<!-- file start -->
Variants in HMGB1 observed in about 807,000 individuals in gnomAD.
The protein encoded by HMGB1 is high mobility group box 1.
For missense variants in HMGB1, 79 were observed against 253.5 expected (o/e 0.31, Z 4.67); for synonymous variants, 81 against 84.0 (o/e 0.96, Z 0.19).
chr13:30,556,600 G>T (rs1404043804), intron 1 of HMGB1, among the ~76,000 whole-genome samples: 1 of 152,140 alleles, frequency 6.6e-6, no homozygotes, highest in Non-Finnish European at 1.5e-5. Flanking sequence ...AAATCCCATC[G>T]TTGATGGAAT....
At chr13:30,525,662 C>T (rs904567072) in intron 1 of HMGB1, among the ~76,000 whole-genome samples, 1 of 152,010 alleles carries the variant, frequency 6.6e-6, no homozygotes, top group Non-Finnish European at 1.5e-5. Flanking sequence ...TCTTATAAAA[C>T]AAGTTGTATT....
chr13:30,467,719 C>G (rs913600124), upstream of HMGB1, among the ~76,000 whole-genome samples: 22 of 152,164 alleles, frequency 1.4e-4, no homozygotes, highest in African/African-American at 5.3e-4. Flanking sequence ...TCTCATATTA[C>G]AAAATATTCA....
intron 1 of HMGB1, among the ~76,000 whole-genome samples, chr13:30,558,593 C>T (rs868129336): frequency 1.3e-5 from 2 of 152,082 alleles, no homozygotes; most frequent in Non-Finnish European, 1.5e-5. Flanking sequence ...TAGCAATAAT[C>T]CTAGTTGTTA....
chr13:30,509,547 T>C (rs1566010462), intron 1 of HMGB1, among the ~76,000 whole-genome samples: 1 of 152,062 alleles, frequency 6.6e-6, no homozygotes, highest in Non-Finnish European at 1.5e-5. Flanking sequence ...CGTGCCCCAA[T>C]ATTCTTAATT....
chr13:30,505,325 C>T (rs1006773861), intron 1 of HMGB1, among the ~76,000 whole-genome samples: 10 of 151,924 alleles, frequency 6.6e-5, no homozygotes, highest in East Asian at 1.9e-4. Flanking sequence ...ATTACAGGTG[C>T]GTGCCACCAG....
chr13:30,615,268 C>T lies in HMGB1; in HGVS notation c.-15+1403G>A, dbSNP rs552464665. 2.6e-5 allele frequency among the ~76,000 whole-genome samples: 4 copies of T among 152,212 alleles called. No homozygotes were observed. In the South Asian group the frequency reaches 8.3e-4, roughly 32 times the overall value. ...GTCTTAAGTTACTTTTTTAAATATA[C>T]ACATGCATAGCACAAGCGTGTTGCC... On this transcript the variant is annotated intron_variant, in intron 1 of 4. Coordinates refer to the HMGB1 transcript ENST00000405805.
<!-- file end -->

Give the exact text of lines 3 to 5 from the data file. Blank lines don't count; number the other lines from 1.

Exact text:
For missense variants in HMGB1, 79 were observed against 253.5 expected (o/e 0.31, Z 4.67); for synonymous variants, 81 against 84.0 (o/e 0.96, Z 0.19).
chr13:30,556,600 G>T (rs1404043804), intron 1 of HMGB1, among the ~76,000 whole-genome samples: 1 of 152,140 alleles, frequency 6.6e-6, no homozygotes, highest in Non-Finnish European at 1.5e-5. Flanking sequence ...AAATCCCATC[G>T]TTGATGGAAT....
At chr13:30,525,662 C>T (rs904567072) in intron 1 of HMGB1, among the ~76,000 whole-genome samples, 1 of 152,010 alleles carries the variant, frequency 6.6e-6, no homozygotes, top group Non-Finnish European at 1.5e-5. Flanking sequence ...TCTTATAAAA[C>T]AAGTTGTATT....